(December 2012) In the beginning there was stone and from it the inspiration went forth – or so one might describe Ingbert Brunk’s work. Although sometimes he has an idea in mind and searches for the suitable stone to realize it.
Brunk has made the Greek island Naxos his home where he works local marble. He is a grateful recipient of scraps from the 4 active quarries, which are, in turn, glad to dispose of the pieces for a good purpose. „I try to submit to the stone“, he writes in a mail, „I want to make a statement starting out from what the stone already carries in itself“.
This could be the veins in the rock. Here we show an object from the series „Leibchen“ (Undergarment). Photo above: „Gefaltet“ (Folded).
One of the distinguishing factors of the stone which he uses is its translucence. „Napf“ (Dish) is its name – short and simple.
Depending on how the stone is worked, a number of special effects come to the fore. Typical of the stone he uses is the crystalline structure which creates an „inner tension all their own but at the same time spread harmony“, as Brunk explains. „Einblicke“ (Insights) was the name he gave a series of objects.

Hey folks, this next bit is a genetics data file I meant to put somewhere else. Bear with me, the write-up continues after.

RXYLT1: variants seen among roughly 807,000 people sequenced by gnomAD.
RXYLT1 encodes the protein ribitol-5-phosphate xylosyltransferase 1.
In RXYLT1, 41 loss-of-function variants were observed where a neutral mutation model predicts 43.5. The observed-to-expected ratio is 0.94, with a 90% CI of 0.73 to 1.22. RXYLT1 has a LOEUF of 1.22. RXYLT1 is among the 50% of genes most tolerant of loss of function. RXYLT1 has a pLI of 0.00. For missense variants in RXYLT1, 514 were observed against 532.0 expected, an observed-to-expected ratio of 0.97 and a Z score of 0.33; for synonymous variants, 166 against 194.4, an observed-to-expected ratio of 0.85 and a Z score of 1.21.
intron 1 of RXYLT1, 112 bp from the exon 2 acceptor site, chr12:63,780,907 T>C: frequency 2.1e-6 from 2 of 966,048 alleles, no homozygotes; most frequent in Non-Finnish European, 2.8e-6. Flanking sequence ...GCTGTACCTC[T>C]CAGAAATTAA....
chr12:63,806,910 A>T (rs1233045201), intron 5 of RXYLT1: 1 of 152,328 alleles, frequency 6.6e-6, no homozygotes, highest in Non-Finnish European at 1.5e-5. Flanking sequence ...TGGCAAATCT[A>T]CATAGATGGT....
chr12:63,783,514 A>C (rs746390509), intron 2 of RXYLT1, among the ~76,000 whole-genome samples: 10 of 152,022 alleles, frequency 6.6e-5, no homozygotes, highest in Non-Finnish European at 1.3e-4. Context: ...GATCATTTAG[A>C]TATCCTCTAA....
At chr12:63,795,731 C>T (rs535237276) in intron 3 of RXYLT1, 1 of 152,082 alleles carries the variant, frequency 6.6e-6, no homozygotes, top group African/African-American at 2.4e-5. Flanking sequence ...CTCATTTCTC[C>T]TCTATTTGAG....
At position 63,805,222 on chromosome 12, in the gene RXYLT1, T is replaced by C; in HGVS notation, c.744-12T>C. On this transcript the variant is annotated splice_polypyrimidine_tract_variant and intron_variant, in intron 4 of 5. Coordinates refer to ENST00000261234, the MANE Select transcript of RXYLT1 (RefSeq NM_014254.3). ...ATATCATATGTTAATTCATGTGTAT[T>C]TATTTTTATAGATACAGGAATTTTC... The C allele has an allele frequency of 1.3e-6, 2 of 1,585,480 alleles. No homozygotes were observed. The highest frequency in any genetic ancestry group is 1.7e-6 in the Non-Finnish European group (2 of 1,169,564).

Perhaps surprisingly, Brunk did not come to sculpting through stone masonry. His mentors were German sculptors Kubach-Wilmsen and this perhaps only because of the close proximity to their home Bad Kreuznach in Rhineland-Palatinate. „The acquaintance made an impression and led me to art as a vocation“, he reflects.
Studies at the Berlin University of the Arts soon followed during which he tried out a wide palette of materials. „For the greatest part I worked with stone, mostly granite“ he writes. In this context students organized a working stay on the island of Naxos, which is how he came to know his present surroundings.
He does not fuss much with the question when he had his breakthrough: „Recognition came late and was a long time in coming; it was a stony path“ but, he adds: „passion carries one an unusually long way“.
We have nothing more to add. Only a comment on Naxos Marble: since time immemorial its pristine white variety was one of the best liked marbles of classical antiquity. Not only sculptors appreciated its properties. It was also well used as a building material for windowsills and doorways as well as for temples. In the more picturesque areas of the island, entire streets are lined with marble houses.
Photos: Ingbert Brunk